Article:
Meet 17 Year Old Boy Who Has Two College Degrees, Flies Airplanes, Authored 2 Books, Works For NASA!

17  is a confusing age for many, but Moshe Kai Cavalin seems to have it all figured out. The California teenager already has two college degrees to his name, he’s a published author, nearly a licensed pilot, and he works for NASA. That’s a lot more than most of us hope to achieve in a lifetime.

According to Scoop, Moshe’s been an achiever all his life – he enrolled at the East Los Angeles College when he was only eight years old, becoming the youngest college student in the US.

He graduated at age nine with a 4.0 GPA, and also wrote a bestselling autobiography that same year. But one college degree apparently wasn’t enough, so at age 15 he graduated from the University of California with a bachelor’s degree in mathematics.

AP PROVIDES ACCESS TO THIS HANDOUT PHOTO TO BE USED SOLELY TO ILLUSTRATE NEWS REPORTING OR COMMENTARY ON THE FACTS OR EVENTS DEPICTED IN THIS IMAGE. THIS IMAGE MAY ONLY BE USED FOR 14 DAYS FROM TIME OF TRANSMISSION; NO ARCHIVING; NO LICENSING This August 2014 photo provided by Shu Chien shows her son Moshe Kai Cavalin at the DEF CON 23 hacker's conference in Las Vegas. Cavalin, of San Gabriel, Calif., earned a bachelor’s in math from UCLA at age 15, and is taking online classes through Brandeis University, near Boston, towards a master’s in cybersecurity. He’s also working for NASA, where he is developing aircraft tracking technology. (Shu Chien via AP)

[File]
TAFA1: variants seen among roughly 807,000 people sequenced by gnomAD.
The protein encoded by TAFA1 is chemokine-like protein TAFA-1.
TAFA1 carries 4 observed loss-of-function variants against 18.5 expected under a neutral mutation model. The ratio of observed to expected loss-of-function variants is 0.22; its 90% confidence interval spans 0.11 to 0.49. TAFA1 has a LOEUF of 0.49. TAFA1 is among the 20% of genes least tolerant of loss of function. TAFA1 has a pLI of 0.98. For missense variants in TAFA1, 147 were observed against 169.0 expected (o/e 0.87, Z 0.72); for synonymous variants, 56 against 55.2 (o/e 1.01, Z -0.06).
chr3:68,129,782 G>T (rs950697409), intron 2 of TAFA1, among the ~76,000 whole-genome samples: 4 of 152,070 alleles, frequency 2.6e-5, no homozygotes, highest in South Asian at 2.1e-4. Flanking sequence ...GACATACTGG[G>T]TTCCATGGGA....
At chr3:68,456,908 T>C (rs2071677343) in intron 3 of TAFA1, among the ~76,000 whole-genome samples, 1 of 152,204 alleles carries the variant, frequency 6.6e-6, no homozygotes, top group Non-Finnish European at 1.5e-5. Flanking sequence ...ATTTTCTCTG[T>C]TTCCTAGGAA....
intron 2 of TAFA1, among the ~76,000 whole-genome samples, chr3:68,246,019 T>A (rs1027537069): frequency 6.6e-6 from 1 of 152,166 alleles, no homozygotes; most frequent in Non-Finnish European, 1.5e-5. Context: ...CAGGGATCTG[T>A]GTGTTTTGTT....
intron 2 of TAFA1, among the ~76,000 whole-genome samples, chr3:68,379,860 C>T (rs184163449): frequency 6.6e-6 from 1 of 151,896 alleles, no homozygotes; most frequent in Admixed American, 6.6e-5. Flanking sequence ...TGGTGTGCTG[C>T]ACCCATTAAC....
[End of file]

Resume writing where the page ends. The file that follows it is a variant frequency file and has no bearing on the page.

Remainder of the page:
The wonder kid was actually getting ready to earn a third degree this year – a master’s in cybersecurity at Boston’s Brandeis University – but he’s currently put that on hold for a couple of terms to work with NASA. He’s helping the space agency develop surveillance technology for airplanes and drones.

But that’s not all. Between the ages of nine and 17, Moshe published a second book based on his experience of being bullied. He also learned how to fly a plane and plans to get his pilot’s license by the end of the year. Somehow, he also found the time to dabble in martial arts, winning dozens of trophies and medals at various tournaments.


Despite his monumental achievements, Moshe insists that he’s pretty ordinary and says he’s developed a distaste for the word ‘genius’. “Genius is just kind of taking it too far,” he explained.
“My case isn’t that special. It’s just a combination of parenting and motivation and inspiration. I tend not to compare myself that often to other people. I just try to do the best I can.”

Written by How Africa

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